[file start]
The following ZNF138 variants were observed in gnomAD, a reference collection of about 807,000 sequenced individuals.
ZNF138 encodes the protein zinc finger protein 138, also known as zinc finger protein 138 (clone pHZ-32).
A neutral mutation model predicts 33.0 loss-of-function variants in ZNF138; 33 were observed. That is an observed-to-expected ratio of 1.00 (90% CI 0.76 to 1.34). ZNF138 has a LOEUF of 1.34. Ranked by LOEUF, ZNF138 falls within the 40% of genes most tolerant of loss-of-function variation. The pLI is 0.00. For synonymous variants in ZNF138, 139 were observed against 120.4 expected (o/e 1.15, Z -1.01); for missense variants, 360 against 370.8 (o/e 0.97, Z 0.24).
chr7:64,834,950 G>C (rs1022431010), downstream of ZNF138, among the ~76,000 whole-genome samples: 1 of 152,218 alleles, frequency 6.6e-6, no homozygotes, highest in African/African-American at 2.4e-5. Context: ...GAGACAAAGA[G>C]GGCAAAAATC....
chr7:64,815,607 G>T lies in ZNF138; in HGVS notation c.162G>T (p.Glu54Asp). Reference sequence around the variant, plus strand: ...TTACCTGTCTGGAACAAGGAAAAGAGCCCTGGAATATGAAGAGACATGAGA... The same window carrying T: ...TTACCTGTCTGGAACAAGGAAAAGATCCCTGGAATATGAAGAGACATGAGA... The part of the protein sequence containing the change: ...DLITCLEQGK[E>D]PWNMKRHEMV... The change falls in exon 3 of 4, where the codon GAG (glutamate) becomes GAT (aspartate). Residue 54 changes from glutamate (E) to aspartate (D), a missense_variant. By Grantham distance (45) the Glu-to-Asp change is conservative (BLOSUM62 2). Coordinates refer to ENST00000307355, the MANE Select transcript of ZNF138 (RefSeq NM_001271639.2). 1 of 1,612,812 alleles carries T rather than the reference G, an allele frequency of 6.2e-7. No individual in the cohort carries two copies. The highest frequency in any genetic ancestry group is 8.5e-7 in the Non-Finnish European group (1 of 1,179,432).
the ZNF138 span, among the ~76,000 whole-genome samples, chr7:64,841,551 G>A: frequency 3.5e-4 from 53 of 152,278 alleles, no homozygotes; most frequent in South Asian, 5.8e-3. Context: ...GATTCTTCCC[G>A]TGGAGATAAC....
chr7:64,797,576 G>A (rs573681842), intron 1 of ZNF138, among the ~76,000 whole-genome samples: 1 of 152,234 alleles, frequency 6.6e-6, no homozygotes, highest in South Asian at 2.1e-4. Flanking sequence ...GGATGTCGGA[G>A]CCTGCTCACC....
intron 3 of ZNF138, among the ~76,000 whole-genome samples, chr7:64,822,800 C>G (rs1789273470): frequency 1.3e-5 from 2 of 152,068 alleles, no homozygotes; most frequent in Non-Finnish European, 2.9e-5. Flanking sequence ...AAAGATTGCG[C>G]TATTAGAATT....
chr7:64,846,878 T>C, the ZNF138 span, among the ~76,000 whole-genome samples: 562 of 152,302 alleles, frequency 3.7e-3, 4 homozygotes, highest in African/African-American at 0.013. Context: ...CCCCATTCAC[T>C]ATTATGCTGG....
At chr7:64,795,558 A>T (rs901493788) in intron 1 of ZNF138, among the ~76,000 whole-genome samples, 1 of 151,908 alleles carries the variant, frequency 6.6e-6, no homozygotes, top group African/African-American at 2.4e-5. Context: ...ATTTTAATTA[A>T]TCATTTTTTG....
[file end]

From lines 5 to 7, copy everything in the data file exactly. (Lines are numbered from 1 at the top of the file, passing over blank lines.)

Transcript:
chr7:64,815,607 G>T lies in ZNF138; in HGVS notation c.162G>T (p.Glu54Asp). Reference sequence around the variant, plus strand: ...TTACCTGTCTGGAACAAGGAAAAGAGCCCTGGAATATGAAGAGACATGAGA... The same window carrying T: ...TTACCTGTCTGGAACAAGGAAAAGATCCCTGGAATATGAAGAGACATGAGA... The part of the protein sequence containing the change: ...DLITCLEQGK[E>D]PWNMKRHEMV... The change falls in exon 3 of 4, where the codon GAG (glutamate) becomes GAT (aspartate). Residue 54 changes from glutamate (E) to aspartate (D), a missense_variant. By Grantham distance (45) the Glu-to-Asp change is conservative (BLOSUM62 2). Coordinates refer to ENST00000307355, the MANE Select transcript of ZNF138 (RefSeq NM_001271639.2). 1 of 1,612,812 alleles carries T rather than the reference G, an allele frequency of 6.2e-7. No individual in the cohort carries two copies. The highest frequency in any genetic ancestry group is 8.5e-7 in the Non-Finnish European group (1 of 1,179,432).
the ZNF138 span, among the ~76,000 whole-genome samples, chr7:64,841,551 G>A: frequency 3.5e-4 from 53 of 152,278 alleles, no homozygotes; most frequent in South Asian, 5.8e-3. Context: ...GATTCTTCCC[G>A]TGGAGATAAC....
chr7:64,797,576 G>A (rs573681842), intron 1 of ZNF138, among the ~76,000 whole-genome samples: 1 of 152,234 alleles, frequency 6.6e-6, no homozygotes, highest in South Asian at 2.1e-4. Flanking sequence ...GGATGTCGGA[G>A]CCTGCTCACC....